Issue 7 - Article 13

Sudan (February 1997)

February 1, 1997
Peter Verney

In mid-January, a combined force of northern and southern Sudanese rebels opened a 500km eastern front to the civil war and seized two key garrison towns in northern Sudan. The forces advanced on the Roseires hydroelectric dam on the Blue Nile at Damazin, which supplies Khartoum with 80 per cent of its electricity. Former Prime Minister Sadiq al-Mahdi, who escaped from house arrest in Khartoum in December, joined opposition politicians calling for an uprising against the National Islamic Front regime.

President al-Bashir accuses the United Nations and the United States of financing the operation – the latter gave US $20m to neighbouring Eritrea, Ethiopia and Uganda last November. Speaking of ‘Eritrean and Tigrayan aggressors’ more than rebels, Khartoum is attempting a mass mobilisation of civilian militias to augment its over-stretched and potentially recalcitrant armed forces – while detaining hundreds of opponents.

On 14 January, Gaspar Biro, UN Special Rapporteur on human rights, was expelled from Sudan on the pretext that the government could not guarantee his safety. In Khartoum, rumours abound that the Iraqi government may be prepared to supply chemical weapons to the Sudanese Government. The Sudanese Government has denied opposition claims that Iran has supplied troops, tanks, guns and chemical weapons.

The World Organisation Against Torture (OCMT/SOS-Torture) repeated its grave concern for hundreds of children aged 7-16, “arbitrarily detained in squalid conditions at the al-Huda Camp, in the desert 2.5 hours from Khartoum”. Despite statements by the Sudanese authorities and UNICEF in September 1996 that the camp was to close, it remains open and “mass arrest sweeps” of children in Khartoum continue.

The build-up of Sudanese government troops in Blue Nile province in response to the rebel advance, and the bombing of the area by Sudan’s air force, has pushed thousands of refugees into Ethiopia near Asosa; malnutrition and disease are rife.

Conditions are also worsening in rebel-held parts of the Nuba Mountains, beyond the reach of the UN’s Operation Lifeline Sudan because of Khartoum’s objections. Hopes of a cross-border supply operation from Ethiopia into the Ingessana Hills and Nuba Mountains have been dashed.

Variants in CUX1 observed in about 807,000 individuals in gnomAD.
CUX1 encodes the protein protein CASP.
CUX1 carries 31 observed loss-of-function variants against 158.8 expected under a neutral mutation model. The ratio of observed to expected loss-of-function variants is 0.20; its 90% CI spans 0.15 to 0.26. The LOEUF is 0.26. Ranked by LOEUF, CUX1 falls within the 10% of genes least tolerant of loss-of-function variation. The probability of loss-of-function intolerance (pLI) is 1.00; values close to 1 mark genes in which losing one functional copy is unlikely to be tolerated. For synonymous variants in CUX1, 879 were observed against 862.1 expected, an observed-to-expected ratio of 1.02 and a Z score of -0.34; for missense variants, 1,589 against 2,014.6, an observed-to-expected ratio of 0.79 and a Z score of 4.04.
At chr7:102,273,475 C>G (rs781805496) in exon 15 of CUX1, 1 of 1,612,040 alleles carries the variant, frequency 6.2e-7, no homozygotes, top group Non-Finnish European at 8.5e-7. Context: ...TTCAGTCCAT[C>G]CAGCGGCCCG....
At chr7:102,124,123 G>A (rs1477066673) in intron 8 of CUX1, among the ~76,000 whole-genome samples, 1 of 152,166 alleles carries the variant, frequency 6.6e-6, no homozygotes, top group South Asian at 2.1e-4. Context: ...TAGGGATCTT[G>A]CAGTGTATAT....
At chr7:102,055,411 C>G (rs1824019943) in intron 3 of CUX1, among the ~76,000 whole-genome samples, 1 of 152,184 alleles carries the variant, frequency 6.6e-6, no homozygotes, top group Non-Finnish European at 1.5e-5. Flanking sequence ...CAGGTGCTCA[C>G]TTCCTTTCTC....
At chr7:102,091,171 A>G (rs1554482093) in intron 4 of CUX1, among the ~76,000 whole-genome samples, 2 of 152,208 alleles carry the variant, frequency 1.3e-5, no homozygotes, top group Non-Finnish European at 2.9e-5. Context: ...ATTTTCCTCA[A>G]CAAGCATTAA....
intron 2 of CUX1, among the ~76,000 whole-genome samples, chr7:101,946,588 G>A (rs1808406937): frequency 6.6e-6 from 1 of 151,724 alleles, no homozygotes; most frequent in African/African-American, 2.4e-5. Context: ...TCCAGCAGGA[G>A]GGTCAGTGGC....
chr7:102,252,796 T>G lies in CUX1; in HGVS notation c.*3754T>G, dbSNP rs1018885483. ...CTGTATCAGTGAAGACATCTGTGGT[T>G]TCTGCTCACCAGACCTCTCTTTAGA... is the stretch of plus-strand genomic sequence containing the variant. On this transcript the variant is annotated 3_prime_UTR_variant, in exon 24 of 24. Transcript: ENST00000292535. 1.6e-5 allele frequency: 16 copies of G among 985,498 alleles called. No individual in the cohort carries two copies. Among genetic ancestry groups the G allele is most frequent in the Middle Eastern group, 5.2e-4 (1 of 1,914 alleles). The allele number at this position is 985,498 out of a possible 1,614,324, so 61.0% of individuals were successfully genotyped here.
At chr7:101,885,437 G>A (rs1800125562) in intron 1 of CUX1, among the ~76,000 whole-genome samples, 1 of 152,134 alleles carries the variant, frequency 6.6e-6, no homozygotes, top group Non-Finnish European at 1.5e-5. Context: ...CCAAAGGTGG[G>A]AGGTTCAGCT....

In the south of the country, Kerubino Kuanyin’s “SPLA-Bahr al-Ghazal”, now aligned with Khartoum, claims to have driven John Garang’s SPLA-Mainstream from northern Bahr al-Ghazal state in December, capturing an airport and seizing food that an aid organisation had “delivered to SPLA-Mainstream”.

NGO staff nearby were temporarily evacuated; Kerubino had only just released several aid agency hostages. Growing insecurity in northern Bahr al-Ghazal and its effect on relief operations will be discussed by UN/NGOs in Nairobi in January. In mid-December 1996, the ‘International Peace Caravan’ visiting New Cush, in SPLA territory, witnessed the bombing of a civilian village by the Sudanese Air Force.

Northern Uganda and Eastern Equatoria reported increased violence from the Lord’s Resistance Army, which is assisted by Khartoum. A build-up of SPLA-Mainstream forces on the Ugandan border may herald a new offensive in the south.

Northern Darfur, in the west of the country, announced a 96,000 tonne shortfall in grain production – more than half its total requirement – after poor rains. The state governor reported that one billion Sudanese pounds (US$687,000) have been allocated to buy grain, and charitable organisations were seeking to assist low-income groups.

Finance minister Abd al-Wahab Osman accused (presumably indigenous) charitable organisations of black marketeering and cancelled their tax and customs exemptions on 22 December 1996.


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